• Journal Article

Comparison of label-free methods for quantifying human proteins by shotgun proteomics

Citation

Old, W. M., Meyer-Arendt, K., Aveline-Wolf, L., Pierce, K. G., Mendoza, A., Sevinsky, J., ... Ahn, N. G. (2005). Comparison of label-free methods for quantifying human proteins by shotgun proteomics. Molecular & Cellular Proteomics, 4(10), 1487-1502.

Abstract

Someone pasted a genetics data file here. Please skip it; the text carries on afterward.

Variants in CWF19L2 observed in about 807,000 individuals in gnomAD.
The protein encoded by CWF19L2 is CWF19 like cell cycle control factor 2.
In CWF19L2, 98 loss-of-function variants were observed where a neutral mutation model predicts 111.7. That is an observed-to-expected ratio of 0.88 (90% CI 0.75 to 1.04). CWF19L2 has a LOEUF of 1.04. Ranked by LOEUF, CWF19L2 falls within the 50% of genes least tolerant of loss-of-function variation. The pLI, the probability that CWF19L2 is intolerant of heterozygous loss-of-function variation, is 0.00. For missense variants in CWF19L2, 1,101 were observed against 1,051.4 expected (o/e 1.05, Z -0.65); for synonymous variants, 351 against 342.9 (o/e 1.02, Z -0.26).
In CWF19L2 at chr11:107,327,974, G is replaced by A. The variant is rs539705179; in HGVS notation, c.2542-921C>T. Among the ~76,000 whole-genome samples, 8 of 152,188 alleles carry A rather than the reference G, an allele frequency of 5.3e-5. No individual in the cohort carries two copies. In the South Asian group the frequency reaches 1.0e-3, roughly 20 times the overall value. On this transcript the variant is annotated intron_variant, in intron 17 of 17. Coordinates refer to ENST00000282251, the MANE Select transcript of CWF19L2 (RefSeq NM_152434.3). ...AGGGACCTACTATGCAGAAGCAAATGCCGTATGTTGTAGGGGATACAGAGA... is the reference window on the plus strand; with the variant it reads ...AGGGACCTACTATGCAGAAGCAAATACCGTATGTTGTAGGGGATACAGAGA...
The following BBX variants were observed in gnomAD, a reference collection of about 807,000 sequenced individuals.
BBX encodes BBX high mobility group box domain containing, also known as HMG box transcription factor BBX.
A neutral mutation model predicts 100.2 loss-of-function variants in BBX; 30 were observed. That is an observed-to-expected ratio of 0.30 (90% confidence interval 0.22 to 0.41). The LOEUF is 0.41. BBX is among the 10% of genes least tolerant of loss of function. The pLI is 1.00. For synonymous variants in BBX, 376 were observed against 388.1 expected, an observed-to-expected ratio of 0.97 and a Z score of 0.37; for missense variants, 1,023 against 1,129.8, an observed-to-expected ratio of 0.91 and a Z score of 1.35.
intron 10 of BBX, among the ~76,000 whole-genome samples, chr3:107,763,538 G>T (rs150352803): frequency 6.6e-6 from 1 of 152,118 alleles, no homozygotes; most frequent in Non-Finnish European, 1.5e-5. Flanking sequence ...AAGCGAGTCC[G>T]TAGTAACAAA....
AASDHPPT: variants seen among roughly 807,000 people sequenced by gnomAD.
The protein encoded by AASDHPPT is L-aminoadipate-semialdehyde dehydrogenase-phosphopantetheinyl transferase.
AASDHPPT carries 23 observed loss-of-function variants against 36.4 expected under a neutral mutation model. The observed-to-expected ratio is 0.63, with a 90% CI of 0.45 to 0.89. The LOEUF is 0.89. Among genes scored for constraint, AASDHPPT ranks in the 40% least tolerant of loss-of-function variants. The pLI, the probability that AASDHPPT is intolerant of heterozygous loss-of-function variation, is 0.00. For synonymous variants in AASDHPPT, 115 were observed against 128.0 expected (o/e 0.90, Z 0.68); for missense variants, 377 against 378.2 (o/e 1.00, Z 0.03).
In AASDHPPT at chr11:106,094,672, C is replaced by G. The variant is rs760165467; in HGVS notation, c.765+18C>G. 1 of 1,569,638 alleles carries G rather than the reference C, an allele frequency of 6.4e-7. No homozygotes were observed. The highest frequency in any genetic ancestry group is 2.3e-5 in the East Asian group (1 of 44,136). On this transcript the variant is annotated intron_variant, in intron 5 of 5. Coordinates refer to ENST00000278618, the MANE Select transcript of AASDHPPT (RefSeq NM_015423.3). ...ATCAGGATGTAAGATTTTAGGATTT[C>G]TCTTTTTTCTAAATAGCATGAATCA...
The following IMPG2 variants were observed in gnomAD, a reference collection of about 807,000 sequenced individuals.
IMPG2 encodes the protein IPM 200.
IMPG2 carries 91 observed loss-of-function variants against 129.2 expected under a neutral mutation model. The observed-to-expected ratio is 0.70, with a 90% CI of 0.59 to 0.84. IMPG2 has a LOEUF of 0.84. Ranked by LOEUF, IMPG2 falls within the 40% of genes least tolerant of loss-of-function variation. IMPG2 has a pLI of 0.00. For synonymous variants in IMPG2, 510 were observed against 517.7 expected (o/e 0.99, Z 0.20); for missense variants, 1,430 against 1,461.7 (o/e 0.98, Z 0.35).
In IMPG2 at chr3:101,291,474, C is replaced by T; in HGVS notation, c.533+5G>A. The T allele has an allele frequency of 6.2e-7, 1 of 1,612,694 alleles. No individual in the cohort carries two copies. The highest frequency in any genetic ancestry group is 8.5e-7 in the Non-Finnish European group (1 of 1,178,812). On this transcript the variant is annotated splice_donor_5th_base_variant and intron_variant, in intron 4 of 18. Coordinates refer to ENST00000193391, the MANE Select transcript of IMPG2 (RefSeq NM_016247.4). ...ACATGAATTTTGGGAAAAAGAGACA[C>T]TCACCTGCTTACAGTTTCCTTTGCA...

Measurements of mass spectral peak intensities and spectral counts are promising methods for quantifying protein abundance changes in shotgun proteomic analyses. We describe Serac, software developed to evaluate the ability of each method to quantify relative changes in protein abundance. Dynamic range and linearity using a three-dimensional ion trap were tested using standard proteins spiked into a complex sample. Linearity and good agreement between observed versus expected protein ratios were obtained after normalization and background subtraction of peak area intensity measurements and correction of spectral counts to eliminate discontinuity in ratio estimates. Peak intensity values useful for protein quantitation ranged from 107 to 1011 counts with no obvious saturation effect, and proteins in replicate samples showed variations of less than 2-fold within the 95% range (±2) when 3 peptides/protein were shared between samples. Protein ratios were determined with high confidence from spectral counts when maximum spectral counts were 4 spectra/protein, and replicates showed equivalent measurements well within 95% confidence limits. In further tests, complex samples were separated by gel exclusion chromatography, quantifying changes in protein abundance between different fractions. Linear behavior of peak area intensity measurements was obtained for peptides from proteins in different fractions. Protein ratios determined by spectral counting agreed well with those determined from peak area intensity measurements, and both agreed with independent measurements based on gel staining intensities. Overall spectral counting proved to be a more sensitive method for detecting proteins that undergo changes in abundance, whereas peak area intensity measurements yielded more accurate estimates of protein ratios. Finally these methods were used to analyze differential changes in protein expression in human erythroleukemia K562 cells stimulated under conditions that promote cell differentiation by mitogen-activated protein kinase pathway activation. Protein changes identified with p < 0.1 showed good correlations with parallel measurements of changes in mRNA expression.